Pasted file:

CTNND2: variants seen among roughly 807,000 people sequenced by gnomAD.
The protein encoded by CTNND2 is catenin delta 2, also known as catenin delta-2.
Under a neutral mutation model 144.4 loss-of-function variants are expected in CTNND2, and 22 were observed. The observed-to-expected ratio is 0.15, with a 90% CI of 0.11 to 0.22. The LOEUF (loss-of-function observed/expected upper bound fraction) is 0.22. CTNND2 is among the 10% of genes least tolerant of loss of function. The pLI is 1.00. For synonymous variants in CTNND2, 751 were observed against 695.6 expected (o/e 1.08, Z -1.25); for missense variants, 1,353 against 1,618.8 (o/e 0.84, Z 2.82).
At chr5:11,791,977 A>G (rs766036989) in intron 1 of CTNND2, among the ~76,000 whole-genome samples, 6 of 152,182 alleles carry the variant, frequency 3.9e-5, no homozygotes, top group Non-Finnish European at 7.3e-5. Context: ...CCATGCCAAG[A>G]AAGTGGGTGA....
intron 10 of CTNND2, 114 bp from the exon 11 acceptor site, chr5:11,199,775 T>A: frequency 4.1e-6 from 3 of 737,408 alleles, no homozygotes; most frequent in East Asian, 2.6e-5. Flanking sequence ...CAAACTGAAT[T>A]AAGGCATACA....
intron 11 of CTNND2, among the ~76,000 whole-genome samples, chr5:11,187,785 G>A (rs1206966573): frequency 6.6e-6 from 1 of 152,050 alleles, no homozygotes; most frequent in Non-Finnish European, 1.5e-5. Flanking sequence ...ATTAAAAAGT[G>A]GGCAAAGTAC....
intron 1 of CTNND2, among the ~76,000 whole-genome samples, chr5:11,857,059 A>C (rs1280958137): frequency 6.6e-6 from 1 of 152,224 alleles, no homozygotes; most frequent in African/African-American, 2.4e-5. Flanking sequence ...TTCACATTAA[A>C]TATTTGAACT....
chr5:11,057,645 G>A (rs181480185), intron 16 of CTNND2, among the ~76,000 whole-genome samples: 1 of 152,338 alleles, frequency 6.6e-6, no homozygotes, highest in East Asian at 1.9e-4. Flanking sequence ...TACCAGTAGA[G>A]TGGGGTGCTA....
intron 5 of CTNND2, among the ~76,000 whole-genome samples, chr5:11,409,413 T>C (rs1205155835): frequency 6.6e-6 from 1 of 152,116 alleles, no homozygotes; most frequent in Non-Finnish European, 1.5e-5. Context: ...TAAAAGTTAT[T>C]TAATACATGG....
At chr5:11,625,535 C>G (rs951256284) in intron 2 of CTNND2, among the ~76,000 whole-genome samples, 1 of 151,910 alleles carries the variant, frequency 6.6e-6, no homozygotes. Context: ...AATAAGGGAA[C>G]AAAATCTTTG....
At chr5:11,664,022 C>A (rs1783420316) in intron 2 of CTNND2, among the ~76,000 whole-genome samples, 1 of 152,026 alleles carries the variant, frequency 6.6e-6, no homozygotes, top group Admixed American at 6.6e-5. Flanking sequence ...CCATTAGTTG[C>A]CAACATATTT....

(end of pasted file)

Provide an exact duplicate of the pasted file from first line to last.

CTNND2: variants seen among roughly 807,000 people sequenced by gnomAD.
The protein encoded by CTNND2 is catenin delta 2, also known as catenin delta-2.
Under a neutral mutation model 144.4 loss-of-function variants are expected in CTNND2, and 22 were observed. The observed-to-expected ratio is 0.15, with a 90% CI of 0.11 to 0.22. The LOEUF (loss-of-function observed/expected upper bound fraction) is 0.22. CTNND2 is among the 10% of genes least tolerant of loss of function. The pLI is 1.00. For synonymous variants in CTNND2, 751 were observed against 695.6 expected (o/e 1.08, Z -1.25); for missense variants, 1,353 against 1,618.8 (o/e 0.84, Z 2.82).
At chr5:11,791,977 A>G (rs766036989) in intron 1 of CTNND2, among the ~76,000 whole-genome samples, 6 of 152,182 alleles carry the variant, frequency 3.9e-5, no homozygotes, top group Non-Finnish European at 7.3e-5. Context: ...CCATGCCAAG[A>G]AAGTGGGTGA....
intron 10 of CTNND2, 114 bp from the exon 11 acceptor site, chr5:11,199,775 T>A: frequency 4.1e-6 from 3 of 737,408 alleles, no homozygotes; most frequent in East Asian, 2.6e-5. Flanking sequence ...CAAACTGAAT[T>A]AAGGCATACA....
intron 11 of CTNND2, among the ~76,000 whole-genome samples, chr5:11,187,785 G>A (rs1206966573): frequency 6.6e-6 from 1 of 152,050 alleles, no homozygotes; most frequent in Non-Finnish European, 1.5e-5. Flanking sequence ...ATTAAAAAGT[G>A]GGCAAAGTAC....
intron 1 of CTNND2, among the ~76,000 whole-genome samples, chr5:11,857,059 A>C (rs1280958137): frequency 6.6e-6 from 1 of 152,224 alleles, no homozygotes; most frequent in African/African-American, 2.4e-5. Flanking sequence ...TTCACATTAA[A>C]TATTTGAACT....
chr5:11,057,645 G>A (rs181480185), intron 16 of CTNND2, among the ~76,000 whole-genome samples: 1 of 152,338 alleles, frequency 6.6e-6, no homozygotes, highest in East Asian at 1.9e-4. Flanking sequence ...TACCAGTAGA[G>A]TGGGGTGCTA....
intron 5 of CTNND2, among the ~76,000 whole-genome samples, chr5:11,409,413 T>C (rs1205155835): frequency 6.6e-6 from 1 of 152,116 alleles, no homozygotes; most frequent in Non-Finnish European, 1.5e-5. Context: ...TAAAAGTTAT[T>C]TAATACATGG....
At chr5:11,625,535 C>G (rs951256284) in intron 2 of CTNND2, among the ~76,000 whole-genome samples, 1 of 151,910 alleles carries the variant, frequency 6.6e-6, no homozygotes. Context: ...AATAAGGGAA[C>G]AAAATCTTTG....
At chr5:11,664,022 C>A (rs1783420316) in intron 2 of CTNND2, among the ~76,000 whole-genome samples, 1 of 152,026 alleles carries the variant, frequency 6.6e-6, no homozygotes, top group Admixed American at 6.6e-5. Flanking sequence ...CCATTAGTTG[C>A]CAACATATTT....